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Cell Motil Cytoskeleton. 1993;26(3):262-73.

Effects of cytochalasin and colcemid on cortical flow in coelomocytes.

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Department of Anatomical Sciences, State University at Buffalo, New York.


Sea urchin coelomyocytes naturally flatten on a substratum into a discoid morphology and display striking, centripetally directed cortical flow along the radii of the cell when viewed with time lapse, video enhanced microscopy. The rate of cortical flow averaged 4.5 microns/min in the peripheral most 10 microns of cytoplasm but slows considerably in the perinuclear region. Cytochalasin B causes: (1) the flow to stop, (2) the buildup of an actin filament-rich peripheral ridge of cytoskeletal material, (3) the centrifugal dissolution of a portion of the actin cytoskeleton, and (4) the contraction of other portions of the cytoskeleton into foci. Cytochalasin D (CD), on the other hand, causes the flowing actin meshwork to become severed from the edge of the cell and allows it to be drawn at least part way in towards the nucleus. A smaller peripheral ridge of actin filament buildup is also seen with CD. Colcemid induces another striking change in the cytoskeleton. The centripetal progression of the actin is not stopped by colcemid, but shortly after leaving the periphery of the cell, the linear elements within the flow become reoriented into arcs. The long axis of the arcs is roughly parallel with the cell's edge. The effects of all three drugs are reversible. The results are discussed in light of other systems and potential mechanisms for cortical flow.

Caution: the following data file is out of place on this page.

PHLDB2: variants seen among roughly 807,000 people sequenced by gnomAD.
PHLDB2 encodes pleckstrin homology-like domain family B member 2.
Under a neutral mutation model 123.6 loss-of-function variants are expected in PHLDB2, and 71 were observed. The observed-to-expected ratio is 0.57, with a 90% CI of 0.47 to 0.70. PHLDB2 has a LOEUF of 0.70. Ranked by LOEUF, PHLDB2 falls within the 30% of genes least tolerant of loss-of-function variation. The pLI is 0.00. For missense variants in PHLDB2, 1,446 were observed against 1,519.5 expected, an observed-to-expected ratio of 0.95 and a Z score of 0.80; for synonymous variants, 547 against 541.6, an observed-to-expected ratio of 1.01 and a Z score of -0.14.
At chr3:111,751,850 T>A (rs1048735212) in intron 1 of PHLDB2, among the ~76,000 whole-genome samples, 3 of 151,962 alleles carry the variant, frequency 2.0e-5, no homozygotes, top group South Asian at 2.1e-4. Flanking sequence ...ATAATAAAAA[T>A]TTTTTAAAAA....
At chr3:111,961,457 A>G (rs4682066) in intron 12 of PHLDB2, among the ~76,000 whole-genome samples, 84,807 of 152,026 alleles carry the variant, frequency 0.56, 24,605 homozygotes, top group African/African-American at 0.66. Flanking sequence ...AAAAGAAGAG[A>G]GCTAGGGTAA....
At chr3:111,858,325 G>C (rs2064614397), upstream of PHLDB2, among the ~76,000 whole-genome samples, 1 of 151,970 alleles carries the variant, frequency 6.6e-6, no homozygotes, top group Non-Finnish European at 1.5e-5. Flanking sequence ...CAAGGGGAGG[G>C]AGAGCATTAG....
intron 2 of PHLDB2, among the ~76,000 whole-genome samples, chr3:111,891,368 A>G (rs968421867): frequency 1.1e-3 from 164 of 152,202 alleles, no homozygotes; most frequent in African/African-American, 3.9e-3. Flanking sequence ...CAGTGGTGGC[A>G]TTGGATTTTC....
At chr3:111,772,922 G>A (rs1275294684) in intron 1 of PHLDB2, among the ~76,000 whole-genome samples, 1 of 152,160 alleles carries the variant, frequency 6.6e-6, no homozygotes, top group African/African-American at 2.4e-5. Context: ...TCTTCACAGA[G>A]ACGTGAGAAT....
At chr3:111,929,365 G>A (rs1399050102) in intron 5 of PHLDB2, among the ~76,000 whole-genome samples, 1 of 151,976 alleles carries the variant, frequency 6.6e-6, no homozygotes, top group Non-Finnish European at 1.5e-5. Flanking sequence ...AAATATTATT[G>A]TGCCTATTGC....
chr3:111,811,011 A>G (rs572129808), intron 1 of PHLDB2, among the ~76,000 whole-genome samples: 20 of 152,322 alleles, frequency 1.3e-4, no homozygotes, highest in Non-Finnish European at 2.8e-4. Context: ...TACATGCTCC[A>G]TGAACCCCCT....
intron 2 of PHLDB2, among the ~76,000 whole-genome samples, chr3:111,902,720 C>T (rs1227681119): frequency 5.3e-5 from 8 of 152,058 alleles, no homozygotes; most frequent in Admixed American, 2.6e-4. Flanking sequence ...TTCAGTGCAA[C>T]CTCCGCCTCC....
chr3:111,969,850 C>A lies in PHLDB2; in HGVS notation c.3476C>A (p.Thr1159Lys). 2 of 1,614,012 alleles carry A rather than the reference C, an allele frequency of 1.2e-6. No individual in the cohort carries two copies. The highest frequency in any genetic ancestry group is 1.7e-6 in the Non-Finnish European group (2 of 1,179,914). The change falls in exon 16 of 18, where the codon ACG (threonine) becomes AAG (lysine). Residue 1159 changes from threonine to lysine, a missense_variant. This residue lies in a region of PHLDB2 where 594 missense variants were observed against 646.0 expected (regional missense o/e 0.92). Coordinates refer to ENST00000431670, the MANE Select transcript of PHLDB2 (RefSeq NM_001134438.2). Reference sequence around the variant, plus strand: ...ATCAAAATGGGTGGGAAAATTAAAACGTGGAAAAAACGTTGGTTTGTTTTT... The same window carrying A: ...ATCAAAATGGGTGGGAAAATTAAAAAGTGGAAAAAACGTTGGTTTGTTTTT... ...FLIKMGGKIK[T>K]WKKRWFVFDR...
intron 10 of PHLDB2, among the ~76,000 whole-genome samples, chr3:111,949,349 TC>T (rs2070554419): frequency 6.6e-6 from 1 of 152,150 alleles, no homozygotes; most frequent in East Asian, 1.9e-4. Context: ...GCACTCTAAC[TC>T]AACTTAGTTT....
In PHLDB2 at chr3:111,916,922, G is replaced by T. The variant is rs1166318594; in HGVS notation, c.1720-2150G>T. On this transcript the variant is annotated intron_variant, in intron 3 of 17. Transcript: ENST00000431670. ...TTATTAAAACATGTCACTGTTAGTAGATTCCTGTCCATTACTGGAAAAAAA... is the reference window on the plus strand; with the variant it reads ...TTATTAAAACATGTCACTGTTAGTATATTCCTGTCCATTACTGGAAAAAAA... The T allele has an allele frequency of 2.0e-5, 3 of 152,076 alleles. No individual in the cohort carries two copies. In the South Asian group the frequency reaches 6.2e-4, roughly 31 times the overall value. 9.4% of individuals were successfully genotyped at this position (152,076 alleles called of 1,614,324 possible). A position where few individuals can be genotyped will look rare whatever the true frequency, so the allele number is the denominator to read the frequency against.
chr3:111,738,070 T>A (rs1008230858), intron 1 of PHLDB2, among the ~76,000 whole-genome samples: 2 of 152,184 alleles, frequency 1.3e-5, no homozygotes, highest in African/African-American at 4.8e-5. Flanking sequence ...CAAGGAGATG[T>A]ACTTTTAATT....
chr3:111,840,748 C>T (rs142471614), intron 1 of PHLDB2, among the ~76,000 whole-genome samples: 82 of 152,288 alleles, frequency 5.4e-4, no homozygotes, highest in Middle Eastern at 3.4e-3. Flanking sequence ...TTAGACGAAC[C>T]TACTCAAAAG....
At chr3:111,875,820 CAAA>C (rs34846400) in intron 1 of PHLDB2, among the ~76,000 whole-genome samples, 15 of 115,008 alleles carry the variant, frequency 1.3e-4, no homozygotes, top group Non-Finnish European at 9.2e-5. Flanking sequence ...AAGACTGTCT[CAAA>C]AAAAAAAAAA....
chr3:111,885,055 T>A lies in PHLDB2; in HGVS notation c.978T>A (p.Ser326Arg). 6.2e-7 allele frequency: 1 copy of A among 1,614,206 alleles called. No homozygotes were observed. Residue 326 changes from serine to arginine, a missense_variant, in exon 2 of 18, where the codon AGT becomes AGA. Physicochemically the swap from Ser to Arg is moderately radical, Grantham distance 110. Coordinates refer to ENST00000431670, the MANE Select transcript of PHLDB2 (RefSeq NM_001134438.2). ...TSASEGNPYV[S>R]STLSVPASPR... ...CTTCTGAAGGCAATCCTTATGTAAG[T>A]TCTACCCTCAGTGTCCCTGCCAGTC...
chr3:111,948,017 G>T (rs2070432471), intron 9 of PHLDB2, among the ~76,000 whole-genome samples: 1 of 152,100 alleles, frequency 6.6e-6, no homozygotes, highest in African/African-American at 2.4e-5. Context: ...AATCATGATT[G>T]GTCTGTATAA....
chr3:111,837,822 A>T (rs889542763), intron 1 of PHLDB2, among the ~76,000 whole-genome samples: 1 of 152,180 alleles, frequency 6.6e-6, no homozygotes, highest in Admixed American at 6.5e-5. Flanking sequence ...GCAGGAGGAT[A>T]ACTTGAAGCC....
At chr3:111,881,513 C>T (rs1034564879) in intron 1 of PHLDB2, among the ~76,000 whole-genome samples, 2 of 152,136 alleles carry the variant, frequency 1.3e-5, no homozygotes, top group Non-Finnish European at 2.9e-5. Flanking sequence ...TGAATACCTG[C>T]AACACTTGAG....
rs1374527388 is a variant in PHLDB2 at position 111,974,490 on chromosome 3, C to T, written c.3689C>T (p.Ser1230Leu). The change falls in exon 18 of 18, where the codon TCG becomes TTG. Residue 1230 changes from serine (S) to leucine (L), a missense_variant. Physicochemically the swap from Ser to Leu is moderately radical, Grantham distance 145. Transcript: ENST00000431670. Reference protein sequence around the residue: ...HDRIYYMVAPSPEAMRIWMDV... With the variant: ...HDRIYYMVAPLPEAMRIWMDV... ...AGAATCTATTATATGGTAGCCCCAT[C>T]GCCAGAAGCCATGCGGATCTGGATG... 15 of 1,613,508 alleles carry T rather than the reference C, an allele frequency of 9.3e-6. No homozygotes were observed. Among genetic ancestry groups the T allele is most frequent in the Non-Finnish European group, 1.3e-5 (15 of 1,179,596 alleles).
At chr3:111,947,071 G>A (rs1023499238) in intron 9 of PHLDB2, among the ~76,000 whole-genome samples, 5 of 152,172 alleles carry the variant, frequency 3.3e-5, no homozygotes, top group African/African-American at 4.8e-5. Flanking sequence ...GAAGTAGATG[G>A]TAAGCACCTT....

[Indexed for MEDLINE]

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